As the mask mandate debate rages on in Australia, epidemiologists and medical specialists suggest looking to countries where citizens are perfectly happy to wear them to see how powerful the simple infection-control measure can be.
Nearly two and a half years into the COVID-19 pandemic, countries where mask-wearing is a cultural norm are seeing some signs of success as the persistent Omicron sub-variants spread throughout their communities.
University of Otago public health professor and epidemiologist Michael Baker said underlying the widespread acceptance of masks in some countries was a sense of personal responsibility to protect others from COVID-19.
“I’m looking at the countries that appear, on paper, to be keeping their mortality very low … despite having lots of circulating virus, and it’s basically the Asian countries, particularly Japan, South Korea, Singapore,” he said.
Professor Baker said Singapore was a good comparison.
“They did have elimination for a long time, and then they decided that it wasn’t compatible for their economic model so they switched to allowing transmission. And, really, they’re still keeping case numbers and, particularly, deaths down,” he said.
“What’s the fundamental difference? I think a lot of it will be around the cultural norms around not infecting people, which probably means quite high adherence to staying home when sick and with mask use.”
While several infection-control specialists have warned that fatigue around COVID-19 control measures is likely contributing to the spread of Omicron in both Australia and New Zealand, the World Health Organization has urged countries seeing surges in the BA.4 and BA.5 sub-variants to accelerate vaccine uptake and bring back mask-wearing.
New Zealand has a much wider mask mandate than Australia but, even if face coverings are required, there is no established culture of wearing them.
Deakin University epidemiologist and associate professor Hassan Vally said wearing masks was just one example of how cultural differences were contributing to COVID-19 success in some Asian countries.
“Clearly there’s the uptake of masks in those areas, which is a really positive and useful tool in our toolkit, but I think there are a lot of things going on,” Dr Vally said.
“We have a very individualistic culture in the West and it’s the mirror image in the East.
“The emphasis rather, [than] being on freedoms and individuality and independence, is on community and unity and looking at things in a holistic way.
“And, so, I think that’s a really quite important cultural difference that underpins a lot of the success that has happened in Asian countries.”
Mask mandates in Singapore
In Singapore, there is a requirement for masks to be worn in indoor public spaces, including libraries, markets, shopping centres, schools and weddings.
The bride and groom are allowed to switch their mask for a face shield as the ceremony takes place, but the mandate only allows guests to take their face coverings off while eating and drinking.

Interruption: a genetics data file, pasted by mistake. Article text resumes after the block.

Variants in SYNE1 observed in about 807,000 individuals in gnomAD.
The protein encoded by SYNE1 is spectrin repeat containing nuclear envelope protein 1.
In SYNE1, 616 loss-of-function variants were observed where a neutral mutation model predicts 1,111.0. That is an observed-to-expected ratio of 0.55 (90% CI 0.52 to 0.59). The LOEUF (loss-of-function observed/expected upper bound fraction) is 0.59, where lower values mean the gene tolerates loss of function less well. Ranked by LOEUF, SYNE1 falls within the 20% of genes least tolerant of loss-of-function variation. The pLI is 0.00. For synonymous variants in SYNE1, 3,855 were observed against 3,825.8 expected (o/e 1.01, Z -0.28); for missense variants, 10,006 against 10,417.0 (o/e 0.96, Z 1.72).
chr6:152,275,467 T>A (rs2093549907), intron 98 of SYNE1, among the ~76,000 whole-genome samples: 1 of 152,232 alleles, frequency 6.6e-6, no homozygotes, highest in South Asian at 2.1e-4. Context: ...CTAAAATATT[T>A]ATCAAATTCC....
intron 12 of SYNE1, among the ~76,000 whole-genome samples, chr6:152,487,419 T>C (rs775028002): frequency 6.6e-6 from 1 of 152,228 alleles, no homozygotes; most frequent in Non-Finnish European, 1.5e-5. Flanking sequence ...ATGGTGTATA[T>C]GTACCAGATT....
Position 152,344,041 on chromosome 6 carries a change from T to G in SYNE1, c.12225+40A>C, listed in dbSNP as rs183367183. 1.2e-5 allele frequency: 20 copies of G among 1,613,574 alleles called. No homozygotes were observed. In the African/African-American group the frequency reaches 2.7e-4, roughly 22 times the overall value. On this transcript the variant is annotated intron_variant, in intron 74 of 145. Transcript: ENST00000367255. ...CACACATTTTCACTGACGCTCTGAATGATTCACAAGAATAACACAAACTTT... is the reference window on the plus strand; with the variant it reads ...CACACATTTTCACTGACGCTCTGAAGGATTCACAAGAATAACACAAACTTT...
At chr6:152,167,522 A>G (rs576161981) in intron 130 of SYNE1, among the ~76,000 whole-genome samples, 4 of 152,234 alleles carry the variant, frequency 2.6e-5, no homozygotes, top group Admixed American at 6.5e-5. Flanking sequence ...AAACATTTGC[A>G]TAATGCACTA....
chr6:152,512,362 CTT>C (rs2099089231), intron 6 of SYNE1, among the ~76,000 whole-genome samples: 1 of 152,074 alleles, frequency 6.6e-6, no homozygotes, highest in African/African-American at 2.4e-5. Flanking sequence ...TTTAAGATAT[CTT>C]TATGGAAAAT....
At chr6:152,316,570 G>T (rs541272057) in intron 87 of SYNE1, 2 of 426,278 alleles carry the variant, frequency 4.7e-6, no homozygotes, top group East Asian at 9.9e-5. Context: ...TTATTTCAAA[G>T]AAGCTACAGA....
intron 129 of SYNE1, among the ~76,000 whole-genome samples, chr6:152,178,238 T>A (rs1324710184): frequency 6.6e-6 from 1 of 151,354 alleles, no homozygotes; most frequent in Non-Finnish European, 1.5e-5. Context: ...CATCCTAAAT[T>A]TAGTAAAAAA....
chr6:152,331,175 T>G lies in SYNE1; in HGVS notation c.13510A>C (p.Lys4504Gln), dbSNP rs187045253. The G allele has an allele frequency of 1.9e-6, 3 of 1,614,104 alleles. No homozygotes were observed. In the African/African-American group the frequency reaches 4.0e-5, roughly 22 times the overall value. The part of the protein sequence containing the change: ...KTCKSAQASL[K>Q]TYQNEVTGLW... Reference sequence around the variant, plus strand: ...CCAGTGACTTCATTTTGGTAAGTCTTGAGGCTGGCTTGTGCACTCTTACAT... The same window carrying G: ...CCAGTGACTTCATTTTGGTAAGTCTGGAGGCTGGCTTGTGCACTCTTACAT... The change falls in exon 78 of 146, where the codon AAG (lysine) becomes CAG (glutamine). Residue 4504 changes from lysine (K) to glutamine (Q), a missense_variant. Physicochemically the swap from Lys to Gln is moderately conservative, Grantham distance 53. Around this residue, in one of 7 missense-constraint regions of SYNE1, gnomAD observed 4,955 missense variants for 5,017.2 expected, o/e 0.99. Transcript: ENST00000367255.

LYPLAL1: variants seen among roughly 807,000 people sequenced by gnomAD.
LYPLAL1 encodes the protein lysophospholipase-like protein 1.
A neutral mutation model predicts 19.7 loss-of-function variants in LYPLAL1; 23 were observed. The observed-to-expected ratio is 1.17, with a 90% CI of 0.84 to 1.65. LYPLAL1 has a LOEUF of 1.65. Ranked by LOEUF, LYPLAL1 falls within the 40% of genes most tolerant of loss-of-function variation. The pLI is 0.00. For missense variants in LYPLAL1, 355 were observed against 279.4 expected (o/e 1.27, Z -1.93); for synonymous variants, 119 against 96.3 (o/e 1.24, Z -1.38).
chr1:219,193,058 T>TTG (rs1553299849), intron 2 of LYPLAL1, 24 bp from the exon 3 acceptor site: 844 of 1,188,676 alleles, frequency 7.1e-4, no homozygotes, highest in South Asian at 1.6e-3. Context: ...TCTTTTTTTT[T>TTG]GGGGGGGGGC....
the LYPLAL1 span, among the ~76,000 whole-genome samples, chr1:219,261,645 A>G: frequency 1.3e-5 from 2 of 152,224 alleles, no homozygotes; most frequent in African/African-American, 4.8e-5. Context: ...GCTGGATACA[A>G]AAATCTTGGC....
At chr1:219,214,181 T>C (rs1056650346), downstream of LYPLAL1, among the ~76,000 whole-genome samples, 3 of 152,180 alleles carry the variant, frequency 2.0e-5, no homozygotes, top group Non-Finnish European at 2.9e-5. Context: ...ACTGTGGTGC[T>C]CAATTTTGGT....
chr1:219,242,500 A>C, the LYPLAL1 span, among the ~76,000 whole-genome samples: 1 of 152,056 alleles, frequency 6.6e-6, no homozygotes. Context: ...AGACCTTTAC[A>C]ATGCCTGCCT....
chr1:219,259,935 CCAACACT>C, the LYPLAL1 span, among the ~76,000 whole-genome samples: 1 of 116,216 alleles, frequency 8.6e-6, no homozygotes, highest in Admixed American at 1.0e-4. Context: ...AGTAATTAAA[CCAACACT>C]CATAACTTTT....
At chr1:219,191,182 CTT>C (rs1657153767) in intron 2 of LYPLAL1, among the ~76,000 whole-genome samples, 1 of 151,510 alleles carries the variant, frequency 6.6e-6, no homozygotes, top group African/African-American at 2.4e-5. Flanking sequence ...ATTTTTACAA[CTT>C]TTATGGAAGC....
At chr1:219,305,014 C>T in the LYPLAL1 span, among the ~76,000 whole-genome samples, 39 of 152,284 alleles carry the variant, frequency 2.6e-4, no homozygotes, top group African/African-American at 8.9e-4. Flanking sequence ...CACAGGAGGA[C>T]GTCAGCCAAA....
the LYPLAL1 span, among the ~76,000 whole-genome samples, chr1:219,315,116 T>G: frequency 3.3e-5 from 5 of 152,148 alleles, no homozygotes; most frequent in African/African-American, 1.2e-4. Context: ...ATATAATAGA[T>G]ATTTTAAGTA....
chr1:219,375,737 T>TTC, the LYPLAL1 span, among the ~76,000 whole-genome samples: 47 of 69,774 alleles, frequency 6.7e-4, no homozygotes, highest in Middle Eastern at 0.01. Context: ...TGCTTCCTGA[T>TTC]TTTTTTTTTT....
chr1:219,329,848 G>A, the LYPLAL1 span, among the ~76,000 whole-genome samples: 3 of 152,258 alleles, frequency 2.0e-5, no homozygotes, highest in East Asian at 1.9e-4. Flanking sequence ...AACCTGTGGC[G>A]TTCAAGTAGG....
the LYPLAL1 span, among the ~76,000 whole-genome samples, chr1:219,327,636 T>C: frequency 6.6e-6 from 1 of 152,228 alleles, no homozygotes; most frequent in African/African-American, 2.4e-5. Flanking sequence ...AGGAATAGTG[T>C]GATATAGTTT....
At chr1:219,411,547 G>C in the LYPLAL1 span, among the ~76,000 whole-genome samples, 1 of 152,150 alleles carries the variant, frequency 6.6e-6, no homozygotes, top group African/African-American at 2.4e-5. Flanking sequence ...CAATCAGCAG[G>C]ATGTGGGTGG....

Associate Professor Ashley St John — from Singapore’s Programme in Emerging Infectious Diseases — said that, largely, there had been acceptance of the rules.
“Mask-wearing is still required indoors [when] outside the home in Singapore, when not actively eating or drinking,” she said.
“From my perspective, most are supportive of maintaining this measure.”
Just as the population is happy to wear masks, Dr St John noted, there were few barriers to the uptake of vaccines.
“Mask-wearing is effective in limiting the spread of COVID-19, but probably the most important aspect of the response to COVID-19 now, that is lowering COVID-associated deaths, is vaccination,” she said.
“Vaccine compliance is high in most Asian countries.”
Dr St John said efforts had been made to communicate the evidence behind Singapore’s mask policy to the public and there was an understanding that masks worked to limit transmission.
Dr Vally said Australians had made a huge shift in their awareness of masks, but there needed to be clear messaging about what their behaviour should be right now as the country sees more than 100 people a day die from the disease and more than 5,000 people admitted to hospital.
“We might not have the level of conformity and social pressure that some Asian countries have, and I think right now there is confusion in the messaging because people seem to think that if the government doesn’t mandate it, they don’t think it’s actually important,” he said.
“If there is a time to sort of dust off mask-wearing, it’s exactly in this situation as part of pulling out all stops to do the right thing for ourselves and our community to try [to] bring transmission down,” he said.
Japanese reminded to take masks off
In Japan, face masks have come to be known as “face pants”.